Post-rock meets choral folk from the obsessive London-based octet caroline talk about their self-titled release, previously in our MARCH 2022 issue of Uncut, available to buy here.
caroline are a band defined by their difference. As teenagers in East Sussex, vocalist and multi-instrumentalist Jasper Llewellyn and guitarist Mike O’Malley were an Appalachian folk covers duo; fast-forward several years and Llewellyn was playing rhythmic post-punk in London with university friend Casper Hughes, when the realisation that they were in a creative cul-de-sac led them to invite O’Malley onboard. They kept expanding, adding various other childhood and uni friends on bass, trumpet, violins, saxophone, flute and clarinet until they became a unique, eight-piece proposition.
Despite evolving in parallel to the south London punk/DIY scene that has produced the likes of Goat Girl and Black Midi, Llewellyn claims that caroline weren’t really aware of it. Instead they focused inward, making a virtue of Hughes’ technical limitations on the guitar. “Casper’s not having a musical background in conventional song structure meant that the containers we were making music inside weren’t verse-chorus,” Llewellyn explains. “Because of that, the parameters were never there. From the start, it set things off down a path of us deciding what we wanted the form to be, and the form became the interesting thing. It was like, if we’re not going to do verse and chorus, then what do we want to do? We can create a different order of priorities.”
caroline’s upcoming eponymous debut – a set of longform compositions rather than conventional songs – is built with almost architectural precision and has a post-rock spareness, making boldly unusual use of space and silence. Their prioritising of tone over melody or the interplay of distance and closeness in their music is especially striking on the oddly poignant cacophony of “Engine (Eavesdropping)” and “Skydiving Onto The Library Roof”, an epic exercise in slow build that suggests Richard Dawson fronting a minimalist chamber orchestra. All the tracks on the album are carefully considered, and Hughes admits that making them takes “a really long time – it’s about finding things we all love and are happy with”.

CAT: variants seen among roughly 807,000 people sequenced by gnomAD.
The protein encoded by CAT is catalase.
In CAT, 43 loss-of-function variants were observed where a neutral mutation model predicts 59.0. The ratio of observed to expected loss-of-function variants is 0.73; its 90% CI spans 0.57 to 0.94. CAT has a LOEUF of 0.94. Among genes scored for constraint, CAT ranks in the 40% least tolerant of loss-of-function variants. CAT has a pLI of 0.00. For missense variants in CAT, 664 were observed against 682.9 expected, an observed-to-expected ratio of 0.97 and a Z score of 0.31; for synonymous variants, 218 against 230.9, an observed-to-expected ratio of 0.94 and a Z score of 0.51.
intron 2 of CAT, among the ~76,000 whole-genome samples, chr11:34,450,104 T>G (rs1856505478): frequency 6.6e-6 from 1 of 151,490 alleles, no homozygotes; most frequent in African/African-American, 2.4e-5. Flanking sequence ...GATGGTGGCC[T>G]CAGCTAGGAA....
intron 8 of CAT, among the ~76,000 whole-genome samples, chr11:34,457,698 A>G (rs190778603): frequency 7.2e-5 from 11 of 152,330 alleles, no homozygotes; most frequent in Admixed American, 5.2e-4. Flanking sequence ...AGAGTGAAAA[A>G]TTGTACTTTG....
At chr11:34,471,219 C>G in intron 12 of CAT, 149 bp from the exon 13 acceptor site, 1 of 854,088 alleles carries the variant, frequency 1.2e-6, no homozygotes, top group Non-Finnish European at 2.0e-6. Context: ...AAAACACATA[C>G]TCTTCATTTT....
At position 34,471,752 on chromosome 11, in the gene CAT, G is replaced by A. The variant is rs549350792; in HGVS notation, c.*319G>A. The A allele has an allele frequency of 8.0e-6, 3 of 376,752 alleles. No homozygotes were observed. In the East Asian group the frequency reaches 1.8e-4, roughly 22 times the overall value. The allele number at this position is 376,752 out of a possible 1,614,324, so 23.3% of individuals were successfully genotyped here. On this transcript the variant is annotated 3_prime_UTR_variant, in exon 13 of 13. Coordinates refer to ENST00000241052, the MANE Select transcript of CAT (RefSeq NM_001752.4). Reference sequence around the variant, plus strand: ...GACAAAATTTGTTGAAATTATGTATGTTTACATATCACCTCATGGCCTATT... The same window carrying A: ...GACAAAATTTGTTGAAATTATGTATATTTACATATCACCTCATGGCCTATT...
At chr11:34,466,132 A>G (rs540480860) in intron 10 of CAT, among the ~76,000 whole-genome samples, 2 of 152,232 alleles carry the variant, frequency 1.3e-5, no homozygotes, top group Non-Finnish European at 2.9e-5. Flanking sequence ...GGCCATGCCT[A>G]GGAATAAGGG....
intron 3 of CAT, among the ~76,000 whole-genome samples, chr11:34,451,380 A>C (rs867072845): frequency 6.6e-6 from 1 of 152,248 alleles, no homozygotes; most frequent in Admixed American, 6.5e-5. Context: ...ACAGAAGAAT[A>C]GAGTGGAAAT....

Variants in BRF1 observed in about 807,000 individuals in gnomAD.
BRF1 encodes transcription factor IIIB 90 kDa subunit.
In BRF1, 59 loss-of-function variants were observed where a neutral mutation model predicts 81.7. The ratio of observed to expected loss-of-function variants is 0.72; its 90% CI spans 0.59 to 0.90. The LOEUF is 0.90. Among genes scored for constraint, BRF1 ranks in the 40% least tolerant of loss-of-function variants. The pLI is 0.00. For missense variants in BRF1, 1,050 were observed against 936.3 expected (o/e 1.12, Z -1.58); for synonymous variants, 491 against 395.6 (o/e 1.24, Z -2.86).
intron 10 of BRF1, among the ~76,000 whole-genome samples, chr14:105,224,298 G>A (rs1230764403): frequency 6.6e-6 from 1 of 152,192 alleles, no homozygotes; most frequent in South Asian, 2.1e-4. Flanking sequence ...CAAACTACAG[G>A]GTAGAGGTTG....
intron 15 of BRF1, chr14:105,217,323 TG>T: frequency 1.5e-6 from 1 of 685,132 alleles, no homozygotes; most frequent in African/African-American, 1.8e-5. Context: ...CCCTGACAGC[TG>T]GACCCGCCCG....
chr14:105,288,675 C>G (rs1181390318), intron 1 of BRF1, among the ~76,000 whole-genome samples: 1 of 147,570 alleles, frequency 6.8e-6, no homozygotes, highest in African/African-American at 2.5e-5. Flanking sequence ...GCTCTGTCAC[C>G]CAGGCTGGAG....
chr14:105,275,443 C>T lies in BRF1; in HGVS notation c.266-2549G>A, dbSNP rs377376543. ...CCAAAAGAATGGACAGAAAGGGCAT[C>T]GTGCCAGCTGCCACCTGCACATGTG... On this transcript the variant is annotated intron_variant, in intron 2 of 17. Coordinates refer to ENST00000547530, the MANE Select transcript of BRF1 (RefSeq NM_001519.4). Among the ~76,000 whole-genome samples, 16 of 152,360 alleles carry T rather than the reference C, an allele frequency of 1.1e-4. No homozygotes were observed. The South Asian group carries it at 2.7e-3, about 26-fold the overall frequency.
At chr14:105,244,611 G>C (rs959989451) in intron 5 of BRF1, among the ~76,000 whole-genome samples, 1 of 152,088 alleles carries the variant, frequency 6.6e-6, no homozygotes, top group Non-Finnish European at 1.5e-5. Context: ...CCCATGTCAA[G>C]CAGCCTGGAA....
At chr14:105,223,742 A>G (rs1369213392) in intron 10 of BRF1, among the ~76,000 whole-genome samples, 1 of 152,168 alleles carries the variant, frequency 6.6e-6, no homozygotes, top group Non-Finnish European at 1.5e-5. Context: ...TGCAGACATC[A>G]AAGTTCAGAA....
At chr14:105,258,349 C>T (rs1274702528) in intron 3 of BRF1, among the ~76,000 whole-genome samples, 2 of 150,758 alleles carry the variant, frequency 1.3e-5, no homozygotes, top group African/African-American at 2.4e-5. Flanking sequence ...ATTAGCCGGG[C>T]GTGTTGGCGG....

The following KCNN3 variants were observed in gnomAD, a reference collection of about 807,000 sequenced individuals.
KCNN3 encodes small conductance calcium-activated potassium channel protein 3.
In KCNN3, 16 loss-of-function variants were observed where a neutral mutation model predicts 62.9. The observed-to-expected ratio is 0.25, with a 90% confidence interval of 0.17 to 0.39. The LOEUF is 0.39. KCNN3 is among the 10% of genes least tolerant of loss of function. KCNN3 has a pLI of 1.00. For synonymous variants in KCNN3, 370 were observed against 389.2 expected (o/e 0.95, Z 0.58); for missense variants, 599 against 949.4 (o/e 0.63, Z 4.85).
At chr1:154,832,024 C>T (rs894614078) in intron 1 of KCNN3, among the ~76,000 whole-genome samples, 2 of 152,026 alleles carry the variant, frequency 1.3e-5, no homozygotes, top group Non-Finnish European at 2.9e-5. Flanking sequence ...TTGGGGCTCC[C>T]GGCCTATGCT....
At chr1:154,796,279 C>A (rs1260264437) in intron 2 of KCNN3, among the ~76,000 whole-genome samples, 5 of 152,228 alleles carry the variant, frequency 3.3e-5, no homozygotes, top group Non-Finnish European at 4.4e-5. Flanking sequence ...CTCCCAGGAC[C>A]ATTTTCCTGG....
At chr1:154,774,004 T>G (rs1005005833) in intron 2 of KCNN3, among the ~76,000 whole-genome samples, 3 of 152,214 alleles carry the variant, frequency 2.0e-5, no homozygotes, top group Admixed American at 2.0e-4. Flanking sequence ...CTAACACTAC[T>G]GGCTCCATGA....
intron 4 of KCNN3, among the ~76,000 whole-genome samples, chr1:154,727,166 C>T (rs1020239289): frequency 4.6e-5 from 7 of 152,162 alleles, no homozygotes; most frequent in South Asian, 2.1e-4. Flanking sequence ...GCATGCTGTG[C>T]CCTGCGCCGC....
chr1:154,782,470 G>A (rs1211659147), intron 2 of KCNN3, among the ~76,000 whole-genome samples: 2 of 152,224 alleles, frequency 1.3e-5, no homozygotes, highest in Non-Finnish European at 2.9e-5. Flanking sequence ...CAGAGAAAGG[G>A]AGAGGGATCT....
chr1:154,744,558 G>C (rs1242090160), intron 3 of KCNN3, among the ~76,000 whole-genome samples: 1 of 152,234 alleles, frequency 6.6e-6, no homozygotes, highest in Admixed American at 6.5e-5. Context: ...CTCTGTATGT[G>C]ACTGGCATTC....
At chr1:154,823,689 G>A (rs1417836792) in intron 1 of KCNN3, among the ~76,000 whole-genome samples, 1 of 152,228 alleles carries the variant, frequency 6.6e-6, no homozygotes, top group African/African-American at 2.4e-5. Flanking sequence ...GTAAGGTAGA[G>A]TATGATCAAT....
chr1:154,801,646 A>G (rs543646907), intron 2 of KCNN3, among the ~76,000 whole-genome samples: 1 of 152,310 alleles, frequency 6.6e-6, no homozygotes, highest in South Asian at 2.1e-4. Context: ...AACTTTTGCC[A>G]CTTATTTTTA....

Most of the songs on caroline were recorded at London’s Total Refreshment Centre and mixed via marathon Zoom sessions with Lankum producer John Murphy. “It just went on and on,” laughs Hughes. “We’d be like, ‘Can you move it up one or two dB?’ Then that would ruin the balance and we’d have to go back. It’s fun – it’s intense problem solving, but we take it to its extreme, I think.”
“We are total perfectionists,” admits Llewellyn. Even before the core trio have taken their songs to the rest of the band, they have been extensively workshopped. “We do a lot of talking – as much as we do playing.” This dedication and obsessive attention to detail is what you might reasonably expect of a band whose members variously work for a political campaigning organisation, teach music in schools, design instruments for players with limited mobility or are studying “the role of improvisation within the ongoing happening of social worlds”. On top of that, Llewellyn makes performance art with an improv element and quite a few of caroline have their own bands and/or play in other friends’ projects.
This paints a picture of an ensemble in all-consuming pursuit of their art, but Hughes says there is no grand plan and their aims, for now at least, are modest: “We just want to keep trying stuff out, pushing our more recent experiments with recording techniques and different sound environments. We don’t have any particular intentions apart from to just carry on being open to the new ideas that come up when we play music together.”
caroline is released by Rough Trade on February 25.